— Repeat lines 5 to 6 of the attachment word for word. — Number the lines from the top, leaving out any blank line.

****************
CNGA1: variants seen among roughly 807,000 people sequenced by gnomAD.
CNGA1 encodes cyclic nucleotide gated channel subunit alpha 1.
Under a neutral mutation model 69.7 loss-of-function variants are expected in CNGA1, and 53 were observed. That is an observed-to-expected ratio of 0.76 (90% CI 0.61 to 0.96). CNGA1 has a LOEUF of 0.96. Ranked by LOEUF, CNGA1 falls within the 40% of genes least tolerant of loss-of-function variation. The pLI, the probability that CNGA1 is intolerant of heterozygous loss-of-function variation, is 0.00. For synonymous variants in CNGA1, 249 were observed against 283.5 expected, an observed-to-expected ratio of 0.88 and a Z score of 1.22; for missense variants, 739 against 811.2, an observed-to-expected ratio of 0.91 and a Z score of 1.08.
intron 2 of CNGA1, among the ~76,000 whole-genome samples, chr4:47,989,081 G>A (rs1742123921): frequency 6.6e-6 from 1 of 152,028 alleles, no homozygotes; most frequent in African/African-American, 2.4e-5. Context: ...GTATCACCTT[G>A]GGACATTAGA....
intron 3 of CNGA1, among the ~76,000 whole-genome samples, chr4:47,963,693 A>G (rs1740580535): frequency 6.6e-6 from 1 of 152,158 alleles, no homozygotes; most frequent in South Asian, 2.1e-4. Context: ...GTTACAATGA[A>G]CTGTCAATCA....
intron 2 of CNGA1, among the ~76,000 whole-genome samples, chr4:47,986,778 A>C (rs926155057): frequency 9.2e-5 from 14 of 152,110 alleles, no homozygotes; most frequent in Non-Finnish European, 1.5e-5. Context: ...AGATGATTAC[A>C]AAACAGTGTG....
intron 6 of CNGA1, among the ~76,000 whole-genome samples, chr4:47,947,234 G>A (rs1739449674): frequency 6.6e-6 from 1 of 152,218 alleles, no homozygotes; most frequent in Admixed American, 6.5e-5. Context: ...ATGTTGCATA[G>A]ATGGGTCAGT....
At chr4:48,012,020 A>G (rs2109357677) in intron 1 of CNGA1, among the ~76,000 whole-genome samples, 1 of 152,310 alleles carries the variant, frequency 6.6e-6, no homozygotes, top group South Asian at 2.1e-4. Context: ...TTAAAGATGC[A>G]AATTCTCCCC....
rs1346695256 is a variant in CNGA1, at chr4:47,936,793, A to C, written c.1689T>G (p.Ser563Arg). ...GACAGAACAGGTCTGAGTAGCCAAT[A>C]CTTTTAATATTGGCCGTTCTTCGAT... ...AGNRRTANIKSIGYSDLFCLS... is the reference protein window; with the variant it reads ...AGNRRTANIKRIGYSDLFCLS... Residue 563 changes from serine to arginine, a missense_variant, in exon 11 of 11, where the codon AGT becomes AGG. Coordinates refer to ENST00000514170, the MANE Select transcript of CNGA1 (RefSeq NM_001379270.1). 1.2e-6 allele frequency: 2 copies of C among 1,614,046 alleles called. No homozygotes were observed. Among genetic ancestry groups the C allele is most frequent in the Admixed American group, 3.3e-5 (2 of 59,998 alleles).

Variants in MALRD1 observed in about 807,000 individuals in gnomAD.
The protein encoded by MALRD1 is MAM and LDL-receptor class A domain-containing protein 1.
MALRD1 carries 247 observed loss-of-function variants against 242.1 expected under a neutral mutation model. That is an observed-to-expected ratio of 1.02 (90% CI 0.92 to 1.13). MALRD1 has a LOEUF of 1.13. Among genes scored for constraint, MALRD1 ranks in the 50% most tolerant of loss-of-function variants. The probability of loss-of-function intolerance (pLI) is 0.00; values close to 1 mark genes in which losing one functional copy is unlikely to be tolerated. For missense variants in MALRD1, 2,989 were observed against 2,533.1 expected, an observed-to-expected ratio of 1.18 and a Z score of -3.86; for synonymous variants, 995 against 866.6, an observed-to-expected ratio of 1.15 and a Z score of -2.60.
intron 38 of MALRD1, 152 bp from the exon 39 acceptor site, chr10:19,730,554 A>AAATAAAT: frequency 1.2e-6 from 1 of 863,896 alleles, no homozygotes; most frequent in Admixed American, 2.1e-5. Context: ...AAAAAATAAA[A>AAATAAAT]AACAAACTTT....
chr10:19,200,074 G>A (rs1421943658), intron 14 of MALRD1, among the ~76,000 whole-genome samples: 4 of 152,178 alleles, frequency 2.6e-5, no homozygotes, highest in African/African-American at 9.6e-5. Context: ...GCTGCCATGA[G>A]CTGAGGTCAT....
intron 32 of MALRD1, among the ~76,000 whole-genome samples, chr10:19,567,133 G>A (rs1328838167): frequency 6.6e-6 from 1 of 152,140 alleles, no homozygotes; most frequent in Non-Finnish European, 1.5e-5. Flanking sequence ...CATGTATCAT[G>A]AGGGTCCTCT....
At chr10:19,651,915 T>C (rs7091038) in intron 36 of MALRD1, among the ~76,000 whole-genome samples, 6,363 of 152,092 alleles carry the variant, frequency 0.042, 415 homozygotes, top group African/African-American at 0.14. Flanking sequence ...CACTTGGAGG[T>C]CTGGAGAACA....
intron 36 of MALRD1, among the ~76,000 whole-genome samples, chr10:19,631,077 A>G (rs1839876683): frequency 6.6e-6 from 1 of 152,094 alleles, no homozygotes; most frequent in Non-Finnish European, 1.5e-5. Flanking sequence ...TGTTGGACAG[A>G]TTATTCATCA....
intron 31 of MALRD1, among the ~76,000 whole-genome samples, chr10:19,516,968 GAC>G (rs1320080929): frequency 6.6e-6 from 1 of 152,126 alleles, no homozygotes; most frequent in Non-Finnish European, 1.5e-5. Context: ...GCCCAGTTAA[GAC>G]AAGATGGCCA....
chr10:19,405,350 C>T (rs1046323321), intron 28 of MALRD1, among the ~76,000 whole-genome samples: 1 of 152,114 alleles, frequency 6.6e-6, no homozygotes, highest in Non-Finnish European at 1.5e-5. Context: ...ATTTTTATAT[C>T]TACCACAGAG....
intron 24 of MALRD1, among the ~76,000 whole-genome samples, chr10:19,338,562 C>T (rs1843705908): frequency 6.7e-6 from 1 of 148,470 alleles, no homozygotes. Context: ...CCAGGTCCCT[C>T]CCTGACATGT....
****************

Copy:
intron 3 of CNGA1, among the ~76,000 whole-genome samples, chr4:47,963,693 A>G (rs1740580535): frequency 6.6e-6 from 1 of 152,158 alleles, no homozygotes; most frequent in South Asian, 2.1e-4. Context: ...GTTACAATGA[A>G]CTGTCAATCA....
intron 2 of CNGA1, among the ~76,000 whole-genome samples, chr4:47,986,778 A>C (rs926155057): frequency 9.2e-5 from 14 of 152,110 alleles, no homozygotes; most frequent in Non-Finnish European, 1.5e-5. Context: ...AGATGATTAC[A>C]AAACAGTGTG....